# The Circled Square Math Problem Claims Pi Equals Four

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The Square Collapses Again : Image by Mike DeHaan

Table of Contents

## Approximating Pi From the Law of Sines

One correct approach to approximate pi is to inscribe triangles and apply the “law of sines”.

Start with the unit circle, and draw the diameter as a horizontal line. Find the centre of the circle; each half of the diameter is the radius: “r=d/2=1/2”.

Draw a vertical diameter. Draw a line from the endpoints of these diameters, in the upper right quadrant of the circle. That is a right-angle isosceles triangle. The sides are in a “1-1-root(2)” proporation. Each short side is a radius with the length 1/2, so the hypoteneuse is the square root of one-half, or “(1/2)(1/2)“.

(The Pythagorean Theorem for an isosceles right triangle is “r2 + r2 = h2“. Since “r=1/2”, we have “r2=(1/2)2=1/4″. Then “r2 + r2 = 1/4 + 1/4 = 1/2 = h2“. Therefore “h=1/21/2=0.707…”).

We can only fit four of these triangles into the circle. The perimeter of the square formed by their hypoteneuses is “4*(1/2)1/2=4*0.707=2.828…”.

Then we can draw more isosceles triangles from the centre to the circle, with the angle at the centre smaller than 90 degrees. By repeatedly bisecting the angle, we would have triangles that need to be copied 8, 16, 32…2n times to “fill” the circle.

Isosceles Triangles in a Circle : Image by Mike DeHaan

We could measure the length of the side of the triangle that forms a closer perimeter, and determine how closely we have approximated pi.

Let’s calculate the length by using the law of sines.

## The Law of Sines

Let triangle ABC have angles <A, <B and <C at those vertices; and sides of length ‘a’, ‘b’ and ‘c’ opposite the vertices ‘A’, ‘B’ and ‘C’ respectively.

The Law of Sines states that a/sine(A) = b/sine(B) = c/sine(C) for any triangle.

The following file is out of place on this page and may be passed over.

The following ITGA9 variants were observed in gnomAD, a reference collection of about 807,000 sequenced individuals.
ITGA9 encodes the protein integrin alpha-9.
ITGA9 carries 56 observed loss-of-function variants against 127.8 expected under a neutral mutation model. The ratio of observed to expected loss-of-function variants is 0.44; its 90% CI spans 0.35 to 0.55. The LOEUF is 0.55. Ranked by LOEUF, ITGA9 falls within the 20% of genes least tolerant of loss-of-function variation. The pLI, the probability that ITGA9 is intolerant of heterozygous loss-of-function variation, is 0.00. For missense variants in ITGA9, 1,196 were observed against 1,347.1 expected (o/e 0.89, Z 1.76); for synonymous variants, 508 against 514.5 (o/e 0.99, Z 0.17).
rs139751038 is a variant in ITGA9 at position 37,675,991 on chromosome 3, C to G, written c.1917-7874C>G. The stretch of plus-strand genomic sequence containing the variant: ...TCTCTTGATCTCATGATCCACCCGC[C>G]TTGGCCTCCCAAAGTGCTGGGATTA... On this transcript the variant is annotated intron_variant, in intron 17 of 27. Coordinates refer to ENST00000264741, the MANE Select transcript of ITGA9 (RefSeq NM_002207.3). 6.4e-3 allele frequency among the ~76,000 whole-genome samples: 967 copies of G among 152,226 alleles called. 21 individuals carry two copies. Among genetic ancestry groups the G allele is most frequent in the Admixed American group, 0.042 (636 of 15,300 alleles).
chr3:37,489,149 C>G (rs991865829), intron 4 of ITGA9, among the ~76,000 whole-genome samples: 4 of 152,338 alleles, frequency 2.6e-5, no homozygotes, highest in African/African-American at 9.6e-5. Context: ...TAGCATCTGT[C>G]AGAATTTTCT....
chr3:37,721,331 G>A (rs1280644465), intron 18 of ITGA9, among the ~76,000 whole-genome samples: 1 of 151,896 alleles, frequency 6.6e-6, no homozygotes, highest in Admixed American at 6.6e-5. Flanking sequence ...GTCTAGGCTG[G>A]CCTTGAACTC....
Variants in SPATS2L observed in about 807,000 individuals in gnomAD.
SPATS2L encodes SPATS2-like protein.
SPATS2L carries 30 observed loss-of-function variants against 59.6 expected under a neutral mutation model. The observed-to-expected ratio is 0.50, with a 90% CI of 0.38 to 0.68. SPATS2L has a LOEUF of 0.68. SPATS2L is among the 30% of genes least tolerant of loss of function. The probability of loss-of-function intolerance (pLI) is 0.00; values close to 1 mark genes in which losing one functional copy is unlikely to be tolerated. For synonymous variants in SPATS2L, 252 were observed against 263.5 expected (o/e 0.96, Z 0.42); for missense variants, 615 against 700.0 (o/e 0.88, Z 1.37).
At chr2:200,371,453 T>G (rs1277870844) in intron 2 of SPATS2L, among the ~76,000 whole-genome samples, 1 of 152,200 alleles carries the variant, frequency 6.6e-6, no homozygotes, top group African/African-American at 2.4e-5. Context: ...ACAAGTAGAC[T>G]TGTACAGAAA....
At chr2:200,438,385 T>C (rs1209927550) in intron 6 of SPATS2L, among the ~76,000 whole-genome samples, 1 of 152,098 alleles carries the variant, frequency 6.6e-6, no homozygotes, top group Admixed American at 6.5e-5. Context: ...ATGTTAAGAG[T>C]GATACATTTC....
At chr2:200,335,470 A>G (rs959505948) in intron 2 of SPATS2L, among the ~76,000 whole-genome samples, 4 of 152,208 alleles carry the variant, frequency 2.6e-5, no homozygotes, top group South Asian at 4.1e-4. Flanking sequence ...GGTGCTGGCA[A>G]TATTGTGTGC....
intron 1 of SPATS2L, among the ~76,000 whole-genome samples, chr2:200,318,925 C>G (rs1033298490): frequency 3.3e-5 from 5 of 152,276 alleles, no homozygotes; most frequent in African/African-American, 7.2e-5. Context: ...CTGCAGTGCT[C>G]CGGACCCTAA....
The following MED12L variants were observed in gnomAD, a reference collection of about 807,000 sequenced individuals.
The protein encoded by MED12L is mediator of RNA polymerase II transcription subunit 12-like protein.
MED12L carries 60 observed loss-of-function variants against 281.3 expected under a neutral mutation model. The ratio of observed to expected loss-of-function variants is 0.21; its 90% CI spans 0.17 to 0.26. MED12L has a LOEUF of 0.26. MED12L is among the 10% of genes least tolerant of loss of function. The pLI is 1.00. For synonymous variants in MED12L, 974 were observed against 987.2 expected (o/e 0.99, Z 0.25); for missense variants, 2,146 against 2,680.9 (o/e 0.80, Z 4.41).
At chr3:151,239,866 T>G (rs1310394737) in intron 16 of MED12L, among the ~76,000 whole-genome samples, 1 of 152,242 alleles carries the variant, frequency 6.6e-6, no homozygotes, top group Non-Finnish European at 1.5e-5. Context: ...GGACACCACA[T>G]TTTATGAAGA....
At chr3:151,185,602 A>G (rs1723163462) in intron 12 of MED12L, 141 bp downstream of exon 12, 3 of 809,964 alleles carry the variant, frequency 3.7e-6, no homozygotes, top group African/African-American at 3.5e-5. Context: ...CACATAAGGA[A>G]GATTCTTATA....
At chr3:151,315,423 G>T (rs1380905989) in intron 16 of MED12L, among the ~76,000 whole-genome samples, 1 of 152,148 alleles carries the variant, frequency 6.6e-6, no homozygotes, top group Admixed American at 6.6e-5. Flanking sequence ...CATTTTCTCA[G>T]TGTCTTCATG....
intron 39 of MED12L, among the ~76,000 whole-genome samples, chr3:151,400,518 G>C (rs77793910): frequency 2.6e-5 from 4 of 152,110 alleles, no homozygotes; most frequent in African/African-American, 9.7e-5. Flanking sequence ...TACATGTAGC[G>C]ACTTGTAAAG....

## Use the Law of Sines on Isosceles Triangles in a Circle

Let ‘C’ be the centre of the circle, and <C is the acute angle at the centre for triangle ABC where ‘A’ and ‘B’ are points on the circle.

The length of each side ‘a’ and ‘b’ is a radius of the circle, already known as ‘r’, so “c/sine(C)=r/sine(A)=r/sine(B)”.

The interior angles of a triangle sum to 180 degrees, so “A+B+C=180”, and therefore “A+B=180-C”.

Since angles ‘A’ and ‘B’ are equal, “2*A=180-C”. Thus “A=(180-C)/2”.

Then “c/sine(C)=r/sine(A)=r/sine((180-C)/2)”. We solve for ‘c’ by multiplying both sides by sine(C).

“c=r*sine(C)/sine((180-C)/2)”. Since the radius is one unit, this simplifies to “c=sine(C)/sine((180-C)/2)”.

Approximate PI from a Perimeter using the Sine Function (Click for Larger View): Image by Mike DeHaan

This spreadsheet shows the values of ‘C’ (“Angle”), sine(C) (“Sine(Angle)”,  ‘c’ (“Length”), the number of “Sides”, and the product of the number of sides times the length (“Perimeter”). Note how the length of the perimeter of the multi-triangle figure approaches the value of the circumference, pi.

The final column shows that the rounded error of the “perimeter – π” does shrink as the angle decreases.

## Conclusion of the Circled Square Math Problem

The troll’s math problem argued that one process of altering a unit square could make it resemble a unit circle with an arbitrarily small error. Since the new figure’s perimeter remained constant length, 4, the troll concluded that the circumference of the circle must be 4.

That argument is flawed. The simplest disproof is to measure the circumference of the circle. This math problem also suffers from the flaw that successive iterations give the same value, which is not the value derived from the actual geometric figure. The sequence implies that the limit value is four; yet we know that the actual limit of the smooth geometric shape is π.

Finally, we can use a similar iterative process to approximate the value of π with arbitrary precision, using the Law of Sines.

Resources:

Yahoo Answers. Shouldn’t Pi be equal to 4? (2011). Yahoo Answers. Referenced March 27, 2013.

Things of Interest. Troll Pi Explained. (2010). Referenced March 27, 2013.

Weisstein, Eric W. Law of Sines. MathWorld-A Wolfram Web Resource. Referenced March 27, 2013.

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